By Linda Brown, MPH, DHEC Viral Hepatitis Prevention Coordinator
May is National Viral Hepatitis Awareness Month and, on May 19, South Carolina joins the nation in observing Hepatitis Testing Day. That day is set aside to emphasize the importance of being tested for the hepatitis C virus (HCV). It is estimated that between 70,000 and 85,000 people in South Carolina are living with chronic hepatitis C. According to the CDC, HCV killed more than 20,000 Americans in 2014.
What you don’t know can hurt
Because many people who are infected with hepatitis C are unaware of their infection, and it often doesn’t cause symptoms until it has caused advanced liver disease, getting tested is vitally important to curing and preventing the spread of this disease.
More than three million Americans in the U.S. have chronic hepatitis C, but as many as 50 percent don’t know they are infected.
This often silent but potentially deadly virus infects the liver, and most people can live with the infection for many years without feeling sick. By the time a person shows symptoms, they are often in an advanced stage of liver disease, including cirrhosis or liver cancer.
Am I at risk?
Hepatitis C is spread when blood from a person infected with the virus enters the body of someone who is not infected. Take the CDC’s simple risk assessment to help determine if you should seek testing: www.cdc.gov/hepatitis/RiskAssessment/.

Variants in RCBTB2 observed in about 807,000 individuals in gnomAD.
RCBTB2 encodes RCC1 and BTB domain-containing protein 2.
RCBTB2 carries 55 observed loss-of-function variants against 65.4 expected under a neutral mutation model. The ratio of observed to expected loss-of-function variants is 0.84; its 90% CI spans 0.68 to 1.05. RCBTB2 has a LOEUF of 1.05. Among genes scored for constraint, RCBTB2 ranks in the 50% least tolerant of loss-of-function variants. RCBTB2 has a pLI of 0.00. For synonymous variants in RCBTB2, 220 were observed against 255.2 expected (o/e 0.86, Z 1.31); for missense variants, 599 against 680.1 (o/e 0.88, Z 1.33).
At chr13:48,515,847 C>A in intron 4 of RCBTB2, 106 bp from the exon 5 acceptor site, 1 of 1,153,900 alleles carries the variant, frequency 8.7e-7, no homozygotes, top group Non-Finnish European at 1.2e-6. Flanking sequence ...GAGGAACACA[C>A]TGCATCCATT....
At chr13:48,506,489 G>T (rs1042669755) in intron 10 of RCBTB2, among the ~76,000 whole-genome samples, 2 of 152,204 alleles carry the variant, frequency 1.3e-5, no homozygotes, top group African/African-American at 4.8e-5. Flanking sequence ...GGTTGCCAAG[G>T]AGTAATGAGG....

One of the main groups that need to be tested for Hepatitis C are baby boomers – people who were born from 1945-1965. Seventy-five percent of people with hepatitis C were born during these years, so it is recommended that all baby boomers be tested at least one time in their lives, regardless of any other risk factors.
Another priority group that should get tested is anyone who has ever injected drugs into their body.
There’s a cure
New medications are available that are highly effective that can provide a cure within eight to 12 weeks. This is why DHEC staff, in collaboration with community partners, encourage people to talk to their health care provider about their risk for HCV.
Learn more about HCV, take the risk assessment quiz and talk to your healthcare provider about testing and treatment. Getting a simple blood test is a vital first step into knowing if you have hepatitis C and getting care and treatment if you need it. Visit www.cdc.gov/hepatitis.